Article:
Fri Aug 10, 2012, 06:33 PM
hatrack (33,161 posts)
I Don't Say This Lightly - Stunning Kos Article On Arctic Storm's Impact On Salinity, Warm Upwelling
A huge, long-lived Arctic ocean storm has decimated the sea ice area which was melting out at a record rate before the high waves and winds shattered the Siberian side of the ice cap.
The record minimum ice area will almost certainly be broken well before ice starts to rebuild in mid to late September because weather patterns remain favorable for continued melting. Before the extraordinary melt season of 2007 summer storms kept the sea ice cool and cloudy, preserving the ice cap. In 2007 most of the thick multi-year sea ice was lost to melting and steady winds that blew large amounts of ice out of the Arctic. Now the thin ice is vulnerable to storms which break up the ice and mix it with water that's been heated by the summer sun in ice free areas. Large areas of open water this summer set the scene for the catastrophic effects of this exceptional storm. Because sea ice is so much more reflective than open water, progressive loss of sea ice establishes a feed back loop of more warming and ice loss. In previous posts I have called this feedback loop a death spiral for Arctic sea ice because it is rapidly leading the Arctic ocean to ice free Septembers.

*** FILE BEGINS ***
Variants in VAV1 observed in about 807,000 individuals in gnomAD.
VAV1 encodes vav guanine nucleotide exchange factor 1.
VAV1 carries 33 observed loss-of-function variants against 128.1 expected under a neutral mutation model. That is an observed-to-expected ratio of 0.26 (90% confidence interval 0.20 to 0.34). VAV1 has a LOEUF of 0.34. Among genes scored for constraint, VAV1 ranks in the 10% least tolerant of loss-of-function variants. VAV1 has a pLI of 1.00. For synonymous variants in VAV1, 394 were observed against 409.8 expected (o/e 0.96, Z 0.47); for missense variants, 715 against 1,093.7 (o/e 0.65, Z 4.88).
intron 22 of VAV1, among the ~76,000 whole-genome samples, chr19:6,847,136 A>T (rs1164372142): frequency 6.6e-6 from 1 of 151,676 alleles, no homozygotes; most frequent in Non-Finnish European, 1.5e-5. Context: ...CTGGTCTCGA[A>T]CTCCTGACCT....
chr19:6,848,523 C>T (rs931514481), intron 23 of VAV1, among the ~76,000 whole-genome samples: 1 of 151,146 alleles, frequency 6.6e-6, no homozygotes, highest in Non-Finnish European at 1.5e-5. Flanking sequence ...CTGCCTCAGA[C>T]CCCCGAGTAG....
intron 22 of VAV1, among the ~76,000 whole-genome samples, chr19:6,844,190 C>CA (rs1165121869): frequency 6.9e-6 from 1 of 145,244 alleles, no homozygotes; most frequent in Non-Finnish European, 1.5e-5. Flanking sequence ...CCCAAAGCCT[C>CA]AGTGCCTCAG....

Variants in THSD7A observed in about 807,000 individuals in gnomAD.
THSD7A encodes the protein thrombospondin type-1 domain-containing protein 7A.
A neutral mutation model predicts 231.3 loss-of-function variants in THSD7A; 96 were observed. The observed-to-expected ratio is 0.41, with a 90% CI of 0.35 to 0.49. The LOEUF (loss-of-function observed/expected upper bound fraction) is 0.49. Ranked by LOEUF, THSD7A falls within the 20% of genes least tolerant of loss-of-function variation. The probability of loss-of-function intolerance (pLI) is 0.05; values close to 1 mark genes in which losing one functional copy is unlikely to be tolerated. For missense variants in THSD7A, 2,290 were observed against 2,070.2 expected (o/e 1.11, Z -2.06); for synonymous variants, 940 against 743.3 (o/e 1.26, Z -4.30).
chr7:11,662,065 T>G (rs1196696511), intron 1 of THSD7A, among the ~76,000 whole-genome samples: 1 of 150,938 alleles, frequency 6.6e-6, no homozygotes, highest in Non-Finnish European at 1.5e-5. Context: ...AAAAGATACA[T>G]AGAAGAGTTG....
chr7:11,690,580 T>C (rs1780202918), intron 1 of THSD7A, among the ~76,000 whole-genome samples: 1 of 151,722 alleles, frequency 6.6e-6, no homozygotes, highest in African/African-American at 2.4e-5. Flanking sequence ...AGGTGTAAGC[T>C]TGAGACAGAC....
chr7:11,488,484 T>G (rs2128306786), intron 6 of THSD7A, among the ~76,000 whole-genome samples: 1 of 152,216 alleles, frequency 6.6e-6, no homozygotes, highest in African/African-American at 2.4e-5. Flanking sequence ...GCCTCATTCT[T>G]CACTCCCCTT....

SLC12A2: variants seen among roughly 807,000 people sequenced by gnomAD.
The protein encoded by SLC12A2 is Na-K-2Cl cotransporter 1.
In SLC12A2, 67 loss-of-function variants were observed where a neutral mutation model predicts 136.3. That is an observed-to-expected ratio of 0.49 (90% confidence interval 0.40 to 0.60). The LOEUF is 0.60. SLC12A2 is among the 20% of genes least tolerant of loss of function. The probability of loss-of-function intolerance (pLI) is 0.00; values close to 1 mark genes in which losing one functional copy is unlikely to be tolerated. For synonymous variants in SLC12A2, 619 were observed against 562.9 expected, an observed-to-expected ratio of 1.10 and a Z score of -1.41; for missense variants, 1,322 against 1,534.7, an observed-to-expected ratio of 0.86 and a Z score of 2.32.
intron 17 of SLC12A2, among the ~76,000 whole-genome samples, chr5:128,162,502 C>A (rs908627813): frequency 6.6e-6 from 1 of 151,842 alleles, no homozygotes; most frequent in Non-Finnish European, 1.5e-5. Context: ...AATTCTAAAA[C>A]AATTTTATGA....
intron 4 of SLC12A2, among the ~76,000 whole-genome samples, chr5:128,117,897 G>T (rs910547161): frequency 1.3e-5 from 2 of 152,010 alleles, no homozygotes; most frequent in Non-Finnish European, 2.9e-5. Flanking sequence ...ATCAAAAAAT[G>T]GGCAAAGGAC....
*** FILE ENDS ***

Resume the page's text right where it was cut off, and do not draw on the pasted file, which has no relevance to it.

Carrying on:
The sea ice area for August 9 was lower this year than in previous years as determined by Cryosphere Today of the University of Illinois. The rate of area loss is the highest since measurements began in 1979.
Because large storms blow sea ice away from the storm's center, like a centrifuge, the sea ice extent, which includes all areas with greater than 15% ice, is slower to respond to storms than sea ice area. In 2007 ice was compacted by high pressure, minimizing the sea ice extent. This year is the opposite of 2007 in terms of storminess, but both years have seen rapid melting. The slushy, thin ice blown out from this storm is likely to melt out in the area offshore of Alaska and Siberia, likely leading to a drop in sea ice area over the next few weeks. Sea ice extent will probably reach a record minimum this year a week or two later than the date the sea ice area is broken.